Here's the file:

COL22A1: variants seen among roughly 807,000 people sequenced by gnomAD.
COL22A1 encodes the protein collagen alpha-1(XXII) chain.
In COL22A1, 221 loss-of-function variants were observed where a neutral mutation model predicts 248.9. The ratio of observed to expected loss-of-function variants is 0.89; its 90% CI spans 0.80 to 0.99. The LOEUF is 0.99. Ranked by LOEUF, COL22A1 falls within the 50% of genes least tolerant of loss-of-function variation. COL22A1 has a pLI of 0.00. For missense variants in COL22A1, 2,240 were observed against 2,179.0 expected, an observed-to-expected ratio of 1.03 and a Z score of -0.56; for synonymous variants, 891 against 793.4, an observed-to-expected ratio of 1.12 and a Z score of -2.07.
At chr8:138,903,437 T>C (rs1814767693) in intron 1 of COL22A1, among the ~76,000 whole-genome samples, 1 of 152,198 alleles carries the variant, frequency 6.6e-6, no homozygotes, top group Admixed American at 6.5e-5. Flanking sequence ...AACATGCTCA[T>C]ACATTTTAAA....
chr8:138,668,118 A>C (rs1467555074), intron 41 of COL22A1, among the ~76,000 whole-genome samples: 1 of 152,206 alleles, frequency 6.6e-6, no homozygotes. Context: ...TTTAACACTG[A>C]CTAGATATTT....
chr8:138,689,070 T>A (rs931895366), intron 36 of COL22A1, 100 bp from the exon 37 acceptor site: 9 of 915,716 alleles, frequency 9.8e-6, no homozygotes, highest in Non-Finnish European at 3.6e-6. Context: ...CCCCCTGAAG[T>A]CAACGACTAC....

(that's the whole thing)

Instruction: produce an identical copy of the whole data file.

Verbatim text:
COL22A1: variants seen among roughly 807,000 people sequenced by gnomAD.
COL22A1 encodes the protein collagen alpha-1(XXII) chain.
In COL22A1, 221 loss-of-function variants were observed where a neutral mutation model predicts 248.9. The ratio of observed to expected loss-of-function variants is 0.89; its 90% CI spans 0.80 to 0.99. The LOEUF is 0.99. Ranked by LOEUF, COL22A1 falls within the 50% of genes least tolerant of loss-of-function variation. COL22A1 has a pLI of 0.00. For missense variants in COL22A1, 2,240 were observed against 2,179.0 expected, an observed-to-expected ratio of 1.03 and a Z score of -0.56; for synonymous variants, 891 against 793.4, an observed-to-expected ratio of 1.12 and a Z score of -2.07.
At chr8:138,903,437 T>C (rs1814767693) in intron 1 of COL22A1, among the ~76,000 whole-genome samples, 1 of 152,198 alleles carries the variant, frequency 6.6e-6, no homozygotes, top group Admixed American at 6.5e-5. Flanking sequence ...AACATGCTCA[T>C]ACATTTTAAA....
chr8:138,668,118 A>C (rs1467555074), intron 41 of COL22A1, among the ~76,000 whole-genome samples: 1 of 152,206 alleles, frequency 6.6e-6, no homozygotes. Context: ...TTTAACACTG[A>C]CTAGATATTT....
chr8:138,689,070 T>A (rs931895366), intron 36 of COL22A1, 100 bp from the exon 37 acceptor site: 9 of 915,716 alleles, frequency 9.8e-6, no homozygotes, highest in Non-Finnish European at 3.6e-6. Context: ...CCCCCTGAAG[T>A]CAACGACTAC....